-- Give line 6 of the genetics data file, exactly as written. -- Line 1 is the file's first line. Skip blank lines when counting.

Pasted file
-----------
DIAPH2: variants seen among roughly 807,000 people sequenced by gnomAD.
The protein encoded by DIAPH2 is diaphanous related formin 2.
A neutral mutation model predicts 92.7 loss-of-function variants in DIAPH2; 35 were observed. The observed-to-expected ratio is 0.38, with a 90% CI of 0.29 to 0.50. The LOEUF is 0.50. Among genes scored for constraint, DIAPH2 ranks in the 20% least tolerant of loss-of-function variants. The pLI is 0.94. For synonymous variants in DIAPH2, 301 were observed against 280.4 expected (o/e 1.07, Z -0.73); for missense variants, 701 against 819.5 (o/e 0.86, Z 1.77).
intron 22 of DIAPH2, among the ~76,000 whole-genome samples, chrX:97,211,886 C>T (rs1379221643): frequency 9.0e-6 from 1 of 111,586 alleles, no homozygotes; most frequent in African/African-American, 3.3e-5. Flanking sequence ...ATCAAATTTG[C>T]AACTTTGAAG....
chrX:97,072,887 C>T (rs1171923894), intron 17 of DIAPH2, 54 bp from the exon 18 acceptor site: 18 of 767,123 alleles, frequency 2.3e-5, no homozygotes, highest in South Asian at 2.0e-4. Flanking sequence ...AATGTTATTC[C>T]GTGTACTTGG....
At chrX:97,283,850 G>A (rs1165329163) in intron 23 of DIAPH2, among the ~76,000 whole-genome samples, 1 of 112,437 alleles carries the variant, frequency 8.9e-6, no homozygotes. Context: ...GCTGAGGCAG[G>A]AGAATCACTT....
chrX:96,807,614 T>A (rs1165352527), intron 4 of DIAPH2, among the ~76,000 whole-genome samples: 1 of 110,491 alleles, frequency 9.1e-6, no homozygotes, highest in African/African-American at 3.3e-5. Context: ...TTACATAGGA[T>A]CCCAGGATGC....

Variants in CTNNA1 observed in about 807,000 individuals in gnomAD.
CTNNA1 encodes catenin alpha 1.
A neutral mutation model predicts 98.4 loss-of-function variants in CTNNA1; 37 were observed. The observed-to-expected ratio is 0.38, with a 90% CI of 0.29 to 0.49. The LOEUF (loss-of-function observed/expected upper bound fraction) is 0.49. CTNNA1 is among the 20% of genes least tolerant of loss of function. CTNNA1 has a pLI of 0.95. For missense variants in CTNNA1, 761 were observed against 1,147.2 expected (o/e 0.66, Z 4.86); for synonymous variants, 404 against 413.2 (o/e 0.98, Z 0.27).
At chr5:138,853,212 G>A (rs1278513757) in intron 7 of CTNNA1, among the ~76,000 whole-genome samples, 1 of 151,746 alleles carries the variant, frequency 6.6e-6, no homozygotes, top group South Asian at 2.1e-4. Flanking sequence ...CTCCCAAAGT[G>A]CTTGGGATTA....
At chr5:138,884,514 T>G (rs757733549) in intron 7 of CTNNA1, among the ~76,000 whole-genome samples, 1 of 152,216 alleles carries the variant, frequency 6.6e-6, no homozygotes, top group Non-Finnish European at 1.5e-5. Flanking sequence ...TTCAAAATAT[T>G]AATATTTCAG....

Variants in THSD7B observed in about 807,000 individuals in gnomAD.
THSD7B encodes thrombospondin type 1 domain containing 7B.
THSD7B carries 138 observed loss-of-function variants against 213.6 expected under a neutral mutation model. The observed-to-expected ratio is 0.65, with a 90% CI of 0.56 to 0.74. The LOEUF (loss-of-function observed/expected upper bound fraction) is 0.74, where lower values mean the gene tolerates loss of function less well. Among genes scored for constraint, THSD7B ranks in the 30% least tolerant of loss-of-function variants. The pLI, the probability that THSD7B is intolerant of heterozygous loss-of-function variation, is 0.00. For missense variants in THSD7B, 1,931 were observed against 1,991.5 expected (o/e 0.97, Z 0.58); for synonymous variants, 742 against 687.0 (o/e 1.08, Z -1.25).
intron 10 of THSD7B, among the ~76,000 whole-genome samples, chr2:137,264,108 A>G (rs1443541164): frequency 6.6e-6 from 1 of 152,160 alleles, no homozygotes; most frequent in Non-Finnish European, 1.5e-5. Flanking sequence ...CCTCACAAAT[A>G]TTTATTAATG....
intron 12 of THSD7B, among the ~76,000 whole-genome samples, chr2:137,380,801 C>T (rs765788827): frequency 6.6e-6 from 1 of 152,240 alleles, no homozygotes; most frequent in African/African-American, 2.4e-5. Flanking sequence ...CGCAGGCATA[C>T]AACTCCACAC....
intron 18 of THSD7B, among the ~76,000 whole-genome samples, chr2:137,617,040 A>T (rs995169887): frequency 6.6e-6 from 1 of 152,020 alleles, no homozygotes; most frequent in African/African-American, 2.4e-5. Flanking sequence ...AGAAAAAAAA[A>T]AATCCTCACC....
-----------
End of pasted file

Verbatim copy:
At chrX:97,283,850 G>A (rs1165329163) in intron 23 of DIAPH2, among the ~76,000 whole-genome samples, 1 of 112,437 alleles carries the variant, frequency 8.9e-6, no homozygotes. Context: ...GCTGAGGCAG[G>A]AGAATCACTT....